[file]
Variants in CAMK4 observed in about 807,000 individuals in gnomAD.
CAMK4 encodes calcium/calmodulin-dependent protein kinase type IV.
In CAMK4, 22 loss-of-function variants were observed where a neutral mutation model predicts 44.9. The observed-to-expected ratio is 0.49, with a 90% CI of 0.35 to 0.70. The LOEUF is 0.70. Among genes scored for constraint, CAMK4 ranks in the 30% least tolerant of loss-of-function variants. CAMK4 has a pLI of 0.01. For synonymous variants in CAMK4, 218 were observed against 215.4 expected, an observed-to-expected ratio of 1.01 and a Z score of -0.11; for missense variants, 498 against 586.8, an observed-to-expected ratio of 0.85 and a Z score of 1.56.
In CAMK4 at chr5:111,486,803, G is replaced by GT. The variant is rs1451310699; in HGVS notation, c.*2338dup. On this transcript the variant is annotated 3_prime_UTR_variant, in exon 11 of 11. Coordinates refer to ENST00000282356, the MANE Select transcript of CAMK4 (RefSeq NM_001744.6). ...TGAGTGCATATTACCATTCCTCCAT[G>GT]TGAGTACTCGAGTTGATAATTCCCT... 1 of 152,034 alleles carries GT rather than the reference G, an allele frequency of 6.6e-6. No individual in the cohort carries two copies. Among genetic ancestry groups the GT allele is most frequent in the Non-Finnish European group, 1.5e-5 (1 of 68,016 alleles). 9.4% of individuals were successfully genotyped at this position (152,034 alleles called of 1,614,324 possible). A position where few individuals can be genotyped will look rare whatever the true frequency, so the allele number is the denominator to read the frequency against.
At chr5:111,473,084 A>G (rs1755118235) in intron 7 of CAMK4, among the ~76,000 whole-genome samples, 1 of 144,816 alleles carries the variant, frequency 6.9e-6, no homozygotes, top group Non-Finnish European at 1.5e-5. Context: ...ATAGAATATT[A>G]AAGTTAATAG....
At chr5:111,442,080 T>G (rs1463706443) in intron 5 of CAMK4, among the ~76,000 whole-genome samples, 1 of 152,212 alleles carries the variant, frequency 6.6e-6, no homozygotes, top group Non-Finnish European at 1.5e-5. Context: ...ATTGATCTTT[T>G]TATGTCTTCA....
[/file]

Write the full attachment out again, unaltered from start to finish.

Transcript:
Variants in CAMK4 observed in about 807,000 individuals in gnomAD.
CAMK4 encodes calcium/calmodulin-dependent protein kinase type IV.
In CAMK4, 22 loss-of-function variants were observed where a neutral mutation model predicts 44.9. The observed-to-expected ratio is 0.49, with a 90% CI of 0.35 to 0.70. The LOEUF is 0.70. Among genes scored for constraint, CAMK4 ranks in the 30% least tolerant of loss-of-function variants. CAMK4 has a pLI of 0.01. For synonymous variants in CAMK4, 218 were observed against 215.4 expected, an observed-to-expected ratio of 1.01 and a Z score of -0.11; for missense variants, 498 against 586.8, an observed-to-expected ratio of 0.85 and a Z score of 1.56.
In CAMK4 at chr5:111,486,803, G is replaced by GT. The variant is rs1451310699; in HGVS notation, c.*2338dup. On this transcript the variant is annotated 3_prime_UTR_variant, in exon 11 of 11. Coordinates refer to ENST00000282356, the MANE Select transcript of CAMK4 (RefSeq NM_001744.6). ...TGAGTGCATATTACCATTCCTCCAT[G>GT]TGAGTACTCGAGTTGATAATTCCCT... 1 of 152,034 alleles carries GT rather than the reference G, an allele frequency of 6.6e-6. No individual in the cohort carries two copies. Among genetic ancestry groups the GT allele is most frequent in the Non-Finnish European group, 1.5e-5 (1 of 68,016 alleles). 9.4% of individuals were successfully genotyped at this position (152,034 alleles called of 1,614,324 possible). A position where few individuals can be genotyped will look rare whatever the true frequency, so the allele number is the denominator to read the frequency against.
At chr5:111,473,084 A>G (rs1755118235) in intron 7 of CAMK4, among the ~76,000 whole-genome samples, 1 of 144,816 alleles carries the variant, frequency 6.9e-6, no homozygotes, top group Non-Finnish European at 1.5e-5. Context: ...ATAGAATATT[A>G]AAGTTAATAG....
At chr5:111,442,080 T>G (rs1463706443) in intron 5 of CAMK4, among the ~76,000 whole-genome samples, 1 of 152,212 alleles carries the variant, frequency 6.6e-6, no homozygotes, top group Non-Finnish European at 1.5e-5. Context: ...ATTGATCTTT[T>G]TATGTCTTCA....